Faculty Advisor(s)

Elaine Halesey



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Computed tomography (CT) is an increasingly important imaging modality to visualization of aortic pathologies. The aorta is the largest vessel in the body and gives rise to several important arteries that supply surrounding organs, so pathologies of this vessel can prove dangerous. The two main pathologies that affect the aorta are aneurysms and dissections, each of which can rupture and quickly become fatal. Symptoms for these pathologies can vary widely but primarily include pain localized to the area of the aorta that is affected, with risk factors encompassing several heart conditions as well as genetic factors. The prognosis for aortic conditions has improved as a result of CT technology but is still relatively grim, with treatment options including invasive and minimally invasive surgical interventions along with medicinal management and screening for the rest of the patient’s life. CT provides several options for improving visualization of the pathology including valuable post-processing and reconstruction images that can maximize detail and allow for quicker and easier diagnoses, improving patient prognosis, and the use of ECG gating to virtually eliminate motion artifact from the heart that can obscure or mimic pathology. The continuous advancements in CT technology are only becoming more readily available, creating an expectation that the prognosis for these serious conditions will continue to become more favorable.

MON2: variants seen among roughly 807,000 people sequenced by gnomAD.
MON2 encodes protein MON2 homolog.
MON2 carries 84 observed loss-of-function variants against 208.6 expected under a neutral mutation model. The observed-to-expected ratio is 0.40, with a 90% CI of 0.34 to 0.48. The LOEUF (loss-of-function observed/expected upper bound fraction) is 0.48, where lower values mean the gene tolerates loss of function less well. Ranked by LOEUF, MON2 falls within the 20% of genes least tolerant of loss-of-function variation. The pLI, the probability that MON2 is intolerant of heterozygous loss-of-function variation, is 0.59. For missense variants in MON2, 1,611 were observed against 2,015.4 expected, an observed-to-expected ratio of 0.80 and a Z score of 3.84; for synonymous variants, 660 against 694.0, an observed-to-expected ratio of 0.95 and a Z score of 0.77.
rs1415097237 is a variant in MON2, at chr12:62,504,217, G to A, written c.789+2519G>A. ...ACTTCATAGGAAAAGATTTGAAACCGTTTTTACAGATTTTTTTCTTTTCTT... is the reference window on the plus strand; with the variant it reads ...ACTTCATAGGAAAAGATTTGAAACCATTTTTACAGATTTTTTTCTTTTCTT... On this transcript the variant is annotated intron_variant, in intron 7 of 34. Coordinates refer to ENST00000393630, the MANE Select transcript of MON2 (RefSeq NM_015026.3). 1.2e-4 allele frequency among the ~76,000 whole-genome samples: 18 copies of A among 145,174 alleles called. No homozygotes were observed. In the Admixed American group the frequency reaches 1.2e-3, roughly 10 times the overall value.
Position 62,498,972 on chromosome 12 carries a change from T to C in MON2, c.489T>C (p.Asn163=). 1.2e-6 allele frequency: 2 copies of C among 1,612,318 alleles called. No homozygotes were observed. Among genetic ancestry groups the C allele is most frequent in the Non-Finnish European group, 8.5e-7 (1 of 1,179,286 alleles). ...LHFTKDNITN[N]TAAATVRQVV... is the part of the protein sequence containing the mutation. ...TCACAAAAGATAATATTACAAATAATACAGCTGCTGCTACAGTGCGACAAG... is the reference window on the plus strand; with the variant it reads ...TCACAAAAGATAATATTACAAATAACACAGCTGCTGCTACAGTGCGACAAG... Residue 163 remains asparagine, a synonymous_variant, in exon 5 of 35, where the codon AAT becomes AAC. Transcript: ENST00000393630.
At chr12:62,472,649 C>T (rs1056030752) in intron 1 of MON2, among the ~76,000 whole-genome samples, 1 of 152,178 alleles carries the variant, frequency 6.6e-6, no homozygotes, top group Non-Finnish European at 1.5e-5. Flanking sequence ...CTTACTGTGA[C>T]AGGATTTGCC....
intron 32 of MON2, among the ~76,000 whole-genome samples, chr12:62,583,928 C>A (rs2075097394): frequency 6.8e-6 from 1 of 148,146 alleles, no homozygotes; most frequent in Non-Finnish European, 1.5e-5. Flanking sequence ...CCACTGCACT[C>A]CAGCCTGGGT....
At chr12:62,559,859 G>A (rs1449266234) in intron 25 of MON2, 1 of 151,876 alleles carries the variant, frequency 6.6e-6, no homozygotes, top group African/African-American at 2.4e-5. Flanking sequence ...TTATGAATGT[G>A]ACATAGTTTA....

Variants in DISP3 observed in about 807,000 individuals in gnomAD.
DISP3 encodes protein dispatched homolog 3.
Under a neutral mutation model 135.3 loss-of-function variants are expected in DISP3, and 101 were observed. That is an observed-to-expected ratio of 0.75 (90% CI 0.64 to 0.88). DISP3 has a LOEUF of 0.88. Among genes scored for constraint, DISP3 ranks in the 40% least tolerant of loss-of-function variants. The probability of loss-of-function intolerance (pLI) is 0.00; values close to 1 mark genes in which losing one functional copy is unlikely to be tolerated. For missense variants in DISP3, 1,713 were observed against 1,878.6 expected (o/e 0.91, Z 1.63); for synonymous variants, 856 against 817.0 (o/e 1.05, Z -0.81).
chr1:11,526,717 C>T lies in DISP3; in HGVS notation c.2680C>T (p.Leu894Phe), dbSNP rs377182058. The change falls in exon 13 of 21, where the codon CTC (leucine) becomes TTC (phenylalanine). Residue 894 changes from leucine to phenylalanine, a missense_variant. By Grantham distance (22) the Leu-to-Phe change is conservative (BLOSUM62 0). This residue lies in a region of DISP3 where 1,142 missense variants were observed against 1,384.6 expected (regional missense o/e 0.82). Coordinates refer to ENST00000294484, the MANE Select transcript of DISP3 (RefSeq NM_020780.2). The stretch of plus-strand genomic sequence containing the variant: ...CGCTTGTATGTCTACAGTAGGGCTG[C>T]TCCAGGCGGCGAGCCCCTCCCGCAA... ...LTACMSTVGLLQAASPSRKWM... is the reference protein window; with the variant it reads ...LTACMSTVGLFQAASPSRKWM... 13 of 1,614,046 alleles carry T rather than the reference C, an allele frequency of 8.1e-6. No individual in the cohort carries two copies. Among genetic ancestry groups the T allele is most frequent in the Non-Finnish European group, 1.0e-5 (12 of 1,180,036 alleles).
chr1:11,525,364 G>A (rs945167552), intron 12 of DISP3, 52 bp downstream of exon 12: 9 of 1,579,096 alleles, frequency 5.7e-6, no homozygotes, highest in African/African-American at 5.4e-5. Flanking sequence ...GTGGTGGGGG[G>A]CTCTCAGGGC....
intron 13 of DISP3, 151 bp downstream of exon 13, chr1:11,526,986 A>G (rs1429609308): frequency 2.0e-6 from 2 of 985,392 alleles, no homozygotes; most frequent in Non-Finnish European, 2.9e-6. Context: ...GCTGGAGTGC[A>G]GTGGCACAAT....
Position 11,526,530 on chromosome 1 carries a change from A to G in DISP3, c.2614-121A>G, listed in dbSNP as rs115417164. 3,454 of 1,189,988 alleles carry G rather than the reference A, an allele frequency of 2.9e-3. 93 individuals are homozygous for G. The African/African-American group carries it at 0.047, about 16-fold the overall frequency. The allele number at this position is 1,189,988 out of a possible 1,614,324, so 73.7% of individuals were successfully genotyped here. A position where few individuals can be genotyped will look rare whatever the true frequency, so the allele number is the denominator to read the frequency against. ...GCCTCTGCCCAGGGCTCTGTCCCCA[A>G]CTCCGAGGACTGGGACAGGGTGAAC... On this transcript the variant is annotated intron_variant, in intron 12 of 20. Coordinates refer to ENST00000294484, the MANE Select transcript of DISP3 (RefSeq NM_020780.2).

Keywords: Computed Tomography, Aorta, Dissection, Aneurysm, Post-Processing, Image Reconstruction, ECG Gating

Publication Date


Document Type



Medical Imaging


computed tomography, aorta, dissection, aneurysm, post-processing, image reconstruction, ECG gating


Medicine and Health Sciences

Imaging Aortic Pathologies in Computed Tomography (CT)